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1.  The Relationship between Fuchs' Endothelial Corneal Dystrophy Severity and Glaucoma and/or Ocular Hypertension 
Archives of ophthalmology  2012;130(11):1384-1388.
Objective
To investigate if Fuchs' Endothelial Corneal Dystrophy (FECD) severity is associated with glaucoma and/or ocular hypertension (G/OHTN).
Methods
A subset of eyes (n=1610) from the FECD Genetics Multi-Center Study were examined to estimate the association between FECD severity (grades 0–6 based on guttae confluence) and G/OHTN. Logistic regression models were fit that accounted for the correlation between eyes and adjusted for age, sex, central corneal thickness, intraocular pressure, presence of diabetes, and time of day of initial evaluation.
Results
107 eyes (6.6%) had G/OHTN based on the study definition. The prevalence of G/OHTN in the control group was 6%. Prevalence was lower in index cases with an FECD grade of 1 through 3 and family members with a grade of 0 or 1 through 3 (0% and 2%, respectively) but higher in index cases and family members with a grade of 4 through 6 (11% and 9%, respectively). Adjusting for covariates, eyes with a grade of 4 through 6 were more likely to have concurrent G/OHTN than eyes with no FECD (index cases vs. controls: OR=2.10, p=0.04; affected vs. unaffected family: OR=7.06, p=0.07). Age (OR=1.06 per 1 year increase, p<0.001) and intraocular pressure (OR=1.15 per 1 mmHg increase, p<0.001) were also associated with an increased prevalence of G/OHTN. Sex, diabetes, time of day of evaluation, and central corneal thickness were not associated with the prevalence of G/OHTN (p>0.15).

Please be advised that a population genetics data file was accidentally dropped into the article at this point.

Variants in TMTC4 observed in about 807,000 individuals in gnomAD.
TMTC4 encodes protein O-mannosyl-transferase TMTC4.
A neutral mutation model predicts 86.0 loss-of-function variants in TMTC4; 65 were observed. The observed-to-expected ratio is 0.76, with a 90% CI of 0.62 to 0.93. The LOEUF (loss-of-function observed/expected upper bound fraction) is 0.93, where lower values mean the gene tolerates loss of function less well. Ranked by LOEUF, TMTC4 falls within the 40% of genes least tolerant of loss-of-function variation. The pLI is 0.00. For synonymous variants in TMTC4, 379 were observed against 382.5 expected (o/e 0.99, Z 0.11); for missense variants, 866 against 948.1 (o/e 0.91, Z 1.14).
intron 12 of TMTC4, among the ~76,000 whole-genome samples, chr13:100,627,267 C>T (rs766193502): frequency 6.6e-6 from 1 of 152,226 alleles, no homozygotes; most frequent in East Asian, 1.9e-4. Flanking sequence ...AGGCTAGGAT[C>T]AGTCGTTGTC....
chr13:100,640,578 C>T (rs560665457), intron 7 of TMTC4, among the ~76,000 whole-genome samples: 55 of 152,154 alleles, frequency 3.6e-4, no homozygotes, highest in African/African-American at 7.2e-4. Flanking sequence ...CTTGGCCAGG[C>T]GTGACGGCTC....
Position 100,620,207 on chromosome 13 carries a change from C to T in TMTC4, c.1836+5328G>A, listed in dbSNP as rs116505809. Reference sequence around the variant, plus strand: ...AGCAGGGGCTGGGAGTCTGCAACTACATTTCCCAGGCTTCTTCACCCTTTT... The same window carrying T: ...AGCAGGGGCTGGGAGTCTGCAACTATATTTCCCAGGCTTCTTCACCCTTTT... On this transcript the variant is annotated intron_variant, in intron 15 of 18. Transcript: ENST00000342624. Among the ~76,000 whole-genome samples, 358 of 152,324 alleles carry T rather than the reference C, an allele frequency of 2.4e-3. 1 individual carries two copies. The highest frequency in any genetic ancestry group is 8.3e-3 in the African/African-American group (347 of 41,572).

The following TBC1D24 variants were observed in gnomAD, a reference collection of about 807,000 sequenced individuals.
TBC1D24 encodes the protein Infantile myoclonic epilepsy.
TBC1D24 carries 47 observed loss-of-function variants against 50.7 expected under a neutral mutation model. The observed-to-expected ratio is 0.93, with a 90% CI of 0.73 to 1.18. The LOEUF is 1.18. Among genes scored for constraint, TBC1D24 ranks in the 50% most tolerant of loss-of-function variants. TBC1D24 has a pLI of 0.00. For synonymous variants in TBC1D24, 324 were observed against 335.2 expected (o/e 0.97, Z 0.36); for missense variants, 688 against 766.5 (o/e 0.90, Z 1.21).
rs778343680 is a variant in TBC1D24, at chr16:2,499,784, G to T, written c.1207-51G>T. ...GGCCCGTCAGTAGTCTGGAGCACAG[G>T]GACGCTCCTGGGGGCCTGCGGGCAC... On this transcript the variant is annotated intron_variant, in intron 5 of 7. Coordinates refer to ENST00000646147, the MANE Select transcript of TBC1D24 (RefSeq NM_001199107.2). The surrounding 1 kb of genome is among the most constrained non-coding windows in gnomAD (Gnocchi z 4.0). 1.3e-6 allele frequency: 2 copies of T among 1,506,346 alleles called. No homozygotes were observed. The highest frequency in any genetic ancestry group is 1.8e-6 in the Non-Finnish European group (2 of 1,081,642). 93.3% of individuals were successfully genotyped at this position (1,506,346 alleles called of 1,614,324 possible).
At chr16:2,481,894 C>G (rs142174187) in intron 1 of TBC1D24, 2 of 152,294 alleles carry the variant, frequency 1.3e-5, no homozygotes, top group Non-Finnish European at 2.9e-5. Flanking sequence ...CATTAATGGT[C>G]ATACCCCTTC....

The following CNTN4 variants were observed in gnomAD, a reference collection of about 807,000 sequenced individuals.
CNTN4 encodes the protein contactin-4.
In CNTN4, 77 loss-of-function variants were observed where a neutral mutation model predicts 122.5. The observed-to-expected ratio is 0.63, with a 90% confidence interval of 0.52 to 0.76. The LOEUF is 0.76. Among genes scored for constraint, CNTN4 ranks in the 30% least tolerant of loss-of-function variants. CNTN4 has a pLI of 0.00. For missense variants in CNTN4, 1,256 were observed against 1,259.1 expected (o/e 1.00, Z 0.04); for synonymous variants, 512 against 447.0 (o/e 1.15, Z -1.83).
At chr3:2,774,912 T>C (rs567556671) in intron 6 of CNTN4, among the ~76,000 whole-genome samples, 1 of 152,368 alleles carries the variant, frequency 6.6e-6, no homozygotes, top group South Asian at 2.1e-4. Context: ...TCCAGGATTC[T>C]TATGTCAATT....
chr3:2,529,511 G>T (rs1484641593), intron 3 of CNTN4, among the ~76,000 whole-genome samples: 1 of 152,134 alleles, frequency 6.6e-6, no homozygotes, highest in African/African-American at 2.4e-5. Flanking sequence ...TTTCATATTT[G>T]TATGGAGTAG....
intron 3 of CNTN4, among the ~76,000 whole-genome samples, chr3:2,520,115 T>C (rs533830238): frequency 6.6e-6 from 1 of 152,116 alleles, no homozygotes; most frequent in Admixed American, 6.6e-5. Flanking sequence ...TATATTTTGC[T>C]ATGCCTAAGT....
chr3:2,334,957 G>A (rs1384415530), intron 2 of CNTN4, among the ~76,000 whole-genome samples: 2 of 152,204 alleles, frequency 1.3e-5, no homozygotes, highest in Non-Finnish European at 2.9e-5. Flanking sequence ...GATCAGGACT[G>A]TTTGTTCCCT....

Conclusions
Glaucoma and/or ocular hypertension occurs more often in eyes affected with severe FECD compared to unaffected eyes. Therefore, it may be beneficial to monitor for the development of glaucoma in these patients.
doi:10.1001/archophthalmol.2012.1969
PMCID: PMC3954552  PMID: 22777534
2.  Relationship of Fuchs’ Endothelial Corneal Dystrophy Severity to Central Corneal Thickness 
Archives of ophthalmology  2012;130(4):10.1001/archophthalmol.2011.1626.
Objective
To define the relationship between Fuchs’ endothelial corneal dystrophy (FECD) severity and central corneal thickness (CCT).
Methods